Along with White's strengths, his transformation into a combo guard came with some weaknesses. For example, on both sides of the ball, White continually stares the ball too much and does not realize he has cutting lanes or is losing his man on defense. He can get open on offense but rarely moves without the ball and stays above the arc watching the ball. When he has the ball, he tends to settle for tough shots and dribbles right away when he has the chance rather than waiting to give up dribbling ability. He is also way too in love with the step back as that is his go-to move when he is being irritated on the offensive end, this stops the flow of the offense hurting his progression and the ball movement. On the defensive end, he is very inconsistent and loses his man at times while looking lost off the ball. White is not a great or aggressive rebounder in any way.

     Regardless, Coby White has excellent potential as a combo guard in the NBA. However, he has numerous parts of his game that he must improve to get there. He must become more efficient on both sides of the ball. In Summer League, White showed an ability to play make off pick and rolls and in transition but shot poorly from three.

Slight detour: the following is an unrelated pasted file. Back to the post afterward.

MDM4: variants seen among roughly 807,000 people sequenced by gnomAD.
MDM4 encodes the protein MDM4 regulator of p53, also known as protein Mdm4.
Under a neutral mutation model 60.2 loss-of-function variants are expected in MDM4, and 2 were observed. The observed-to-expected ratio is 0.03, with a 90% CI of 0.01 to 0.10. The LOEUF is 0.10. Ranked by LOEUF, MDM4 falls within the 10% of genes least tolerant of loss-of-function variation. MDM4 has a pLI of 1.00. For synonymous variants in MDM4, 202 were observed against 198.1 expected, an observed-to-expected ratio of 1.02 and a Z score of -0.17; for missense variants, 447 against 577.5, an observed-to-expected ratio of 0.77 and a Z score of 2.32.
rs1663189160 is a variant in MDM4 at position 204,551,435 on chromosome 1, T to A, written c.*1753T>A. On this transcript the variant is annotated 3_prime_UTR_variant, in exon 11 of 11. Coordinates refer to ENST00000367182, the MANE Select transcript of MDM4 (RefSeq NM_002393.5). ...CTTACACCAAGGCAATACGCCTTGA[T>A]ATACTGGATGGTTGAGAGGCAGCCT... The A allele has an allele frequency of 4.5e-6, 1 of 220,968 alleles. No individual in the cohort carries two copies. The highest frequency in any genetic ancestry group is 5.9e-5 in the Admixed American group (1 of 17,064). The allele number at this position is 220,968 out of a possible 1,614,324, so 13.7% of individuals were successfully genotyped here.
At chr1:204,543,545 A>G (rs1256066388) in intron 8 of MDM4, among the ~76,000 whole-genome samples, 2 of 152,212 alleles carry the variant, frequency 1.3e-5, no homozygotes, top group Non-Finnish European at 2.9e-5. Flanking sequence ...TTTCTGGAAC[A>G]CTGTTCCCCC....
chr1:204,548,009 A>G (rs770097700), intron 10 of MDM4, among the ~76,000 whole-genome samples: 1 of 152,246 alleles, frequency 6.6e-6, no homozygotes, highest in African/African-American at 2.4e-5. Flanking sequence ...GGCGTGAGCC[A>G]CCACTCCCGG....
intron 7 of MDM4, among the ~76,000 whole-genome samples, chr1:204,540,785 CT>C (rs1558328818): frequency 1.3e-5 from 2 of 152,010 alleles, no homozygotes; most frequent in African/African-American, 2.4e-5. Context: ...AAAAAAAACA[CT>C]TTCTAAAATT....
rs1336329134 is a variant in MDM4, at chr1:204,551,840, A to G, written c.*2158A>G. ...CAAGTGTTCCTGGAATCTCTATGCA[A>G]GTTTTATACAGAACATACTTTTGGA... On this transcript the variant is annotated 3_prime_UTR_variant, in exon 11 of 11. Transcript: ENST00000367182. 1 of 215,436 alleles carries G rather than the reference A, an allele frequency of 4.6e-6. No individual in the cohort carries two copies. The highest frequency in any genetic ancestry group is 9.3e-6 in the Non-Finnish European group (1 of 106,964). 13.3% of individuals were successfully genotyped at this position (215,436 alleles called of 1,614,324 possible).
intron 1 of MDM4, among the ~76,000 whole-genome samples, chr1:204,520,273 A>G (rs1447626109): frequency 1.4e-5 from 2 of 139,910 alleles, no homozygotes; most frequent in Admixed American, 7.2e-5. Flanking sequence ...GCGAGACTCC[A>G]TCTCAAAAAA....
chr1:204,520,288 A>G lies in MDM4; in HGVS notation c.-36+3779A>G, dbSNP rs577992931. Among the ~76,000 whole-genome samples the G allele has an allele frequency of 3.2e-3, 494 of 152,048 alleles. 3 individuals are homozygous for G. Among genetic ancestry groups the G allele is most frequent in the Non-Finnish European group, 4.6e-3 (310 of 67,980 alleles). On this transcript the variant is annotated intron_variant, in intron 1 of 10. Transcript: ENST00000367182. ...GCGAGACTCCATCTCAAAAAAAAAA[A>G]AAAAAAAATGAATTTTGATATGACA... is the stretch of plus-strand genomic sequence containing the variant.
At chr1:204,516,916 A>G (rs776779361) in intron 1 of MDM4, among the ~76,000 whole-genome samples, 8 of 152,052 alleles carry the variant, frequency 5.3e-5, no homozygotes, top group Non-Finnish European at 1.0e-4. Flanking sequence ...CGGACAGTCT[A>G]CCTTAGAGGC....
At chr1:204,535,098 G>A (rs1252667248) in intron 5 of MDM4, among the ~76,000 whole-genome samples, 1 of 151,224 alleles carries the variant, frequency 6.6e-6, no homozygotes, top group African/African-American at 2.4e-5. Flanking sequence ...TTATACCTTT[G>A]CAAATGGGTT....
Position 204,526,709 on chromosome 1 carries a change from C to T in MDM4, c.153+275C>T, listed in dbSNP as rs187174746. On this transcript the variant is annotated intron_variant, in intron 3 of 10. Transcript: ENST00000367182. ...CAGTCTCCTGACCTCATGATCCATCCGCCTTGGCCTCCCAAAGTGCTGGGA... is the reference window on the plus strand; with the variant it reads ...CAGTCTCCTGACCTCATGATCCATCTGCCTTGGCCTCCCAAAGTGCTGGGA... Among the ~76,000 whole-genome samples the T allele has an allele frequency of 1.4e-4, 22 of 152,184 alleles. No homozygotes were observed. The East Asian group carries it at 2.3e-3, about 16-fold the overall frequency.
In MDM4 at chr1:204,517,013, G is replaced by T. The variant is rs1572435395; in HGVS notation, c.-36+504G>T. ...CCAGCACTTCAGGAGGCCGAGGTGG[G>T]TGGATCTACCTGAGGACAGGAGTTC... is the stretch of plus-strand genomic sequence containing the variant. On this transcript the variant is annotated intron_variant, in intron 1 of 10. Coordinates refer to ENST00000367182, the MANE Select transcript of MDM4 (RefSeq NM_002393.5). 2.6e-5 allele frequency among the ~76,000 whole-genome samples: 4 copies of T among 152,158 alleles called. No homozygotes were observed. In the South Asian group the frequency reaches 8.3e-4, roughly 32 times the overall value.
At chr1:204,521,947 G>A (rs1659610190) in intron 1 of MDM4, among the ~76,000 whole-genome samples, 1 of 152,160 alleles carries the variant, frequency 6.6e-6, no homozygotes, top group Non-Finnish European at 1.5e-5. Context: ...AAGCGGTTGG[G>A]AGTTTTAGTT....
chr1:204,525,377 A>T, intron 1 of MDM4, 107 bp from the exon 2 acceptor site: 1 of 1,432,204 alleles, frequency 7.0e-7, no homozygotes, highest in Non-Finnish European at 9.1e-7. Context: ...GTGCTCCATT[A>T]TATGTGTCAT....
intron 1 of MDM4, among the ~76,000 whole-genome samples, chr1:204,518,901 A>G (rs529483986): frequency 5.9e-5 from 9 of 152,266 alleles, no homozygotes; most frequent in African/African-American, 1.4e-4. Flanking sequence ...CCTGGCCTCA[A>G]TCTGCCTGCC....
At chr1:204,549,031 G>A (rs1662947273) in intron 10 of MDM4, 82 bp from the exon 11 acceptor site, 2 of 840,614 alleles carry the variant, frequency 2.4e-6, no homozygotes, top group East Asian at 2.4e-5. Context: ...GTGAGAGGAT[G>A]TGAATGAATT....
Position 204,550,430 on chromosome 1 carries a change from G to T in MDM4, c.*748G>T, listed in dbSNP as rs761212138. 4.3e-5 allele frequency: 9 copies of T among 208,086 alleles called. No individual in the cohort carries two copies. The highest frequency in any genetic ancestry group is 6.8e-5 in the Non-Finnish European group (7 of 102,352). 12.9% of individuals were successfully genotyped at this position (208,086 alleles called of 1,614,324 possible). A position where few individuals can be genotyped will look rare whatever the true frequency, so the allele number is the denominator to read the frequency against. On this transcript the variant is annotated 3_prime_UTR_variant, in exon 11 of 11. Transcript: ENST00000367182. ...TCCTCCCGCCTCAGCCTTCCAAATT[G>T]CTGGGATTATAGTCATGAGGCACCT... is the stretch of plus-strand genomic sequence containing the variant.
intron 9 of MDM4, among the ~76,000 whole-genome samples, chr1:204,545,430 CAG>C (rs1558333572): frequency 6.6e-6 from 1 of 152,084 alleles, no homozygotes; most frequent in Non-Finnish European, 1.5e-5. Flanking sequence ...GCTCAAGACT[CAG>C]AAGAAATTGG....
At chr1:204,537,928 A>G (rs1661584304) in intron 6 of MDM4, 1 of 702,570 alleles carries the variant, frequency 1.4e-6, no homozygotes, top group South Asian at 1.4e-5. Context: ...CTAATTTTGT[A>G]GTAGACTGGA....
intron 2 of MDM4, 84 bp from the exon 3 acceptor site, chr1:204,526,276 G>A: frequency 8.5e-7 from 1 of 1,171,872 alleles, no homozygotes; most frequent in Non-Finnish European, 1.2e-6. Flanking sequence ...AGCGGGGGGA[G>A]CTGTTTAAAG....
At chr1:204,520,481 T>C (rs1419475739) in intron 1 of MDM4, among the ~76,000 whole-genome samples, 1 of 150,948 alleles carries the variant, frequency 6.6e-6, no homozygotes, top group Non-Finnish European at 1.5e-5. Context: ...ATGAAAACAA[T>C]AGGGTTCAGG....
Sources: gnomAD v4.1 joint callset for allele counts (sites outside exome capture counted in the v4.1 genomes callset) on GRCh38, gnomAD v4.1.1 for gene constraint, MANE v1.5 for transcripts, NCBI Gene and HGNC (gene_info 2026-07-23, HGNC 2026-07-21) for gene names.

Building on the momentum of staying at 7 and getting the player they needed, the Bulls made a great selection by going with Center Daniel Gafford out of Arkansas in the second round at #38. Gafford, a projected first-round pick, slid in the draft because of disbelief he could be a real offensive threat in the NBA. In Summer League, Gafford has proved his haters wrong by averaging  13.8 points, 7.8 rebounds and 2.8 blocks in just 24.9 minutes in five games. Additionally, Gafford shot 68% from the field, showcasing his high efficiency all over the paint.

    Looking closer into Daniel Gafford's game, he is an energetic big that is perfect for a modern NBA fast-paced team. He is always running the transition with guards and fills his roles perfectly. Very useful post-up scorer and floater, however, the game revolves around his defensive game. He is a dynamic rim protector and defensive anchor who is always talking and helping every matchup while not leaving his man open. Understands how not to foul and continue to disrupt shots all over the court. However, outside of the paint, on offense Gafford is virtually invisible. Needs to figure out a consistent mid-range shot to take his game to the next level. Also needs to learn more finesse moves instead relies on athleticism and size. Overall, Gafford will be an excellent defensive anchor and player in today's NBA. He has all the tools to be an energy producer off the bench that energizes a team's defense. A young team like the Bulls is perfect for him where he will get a lot of minutes and continue to develop and show his ability to change the game's speed and energy.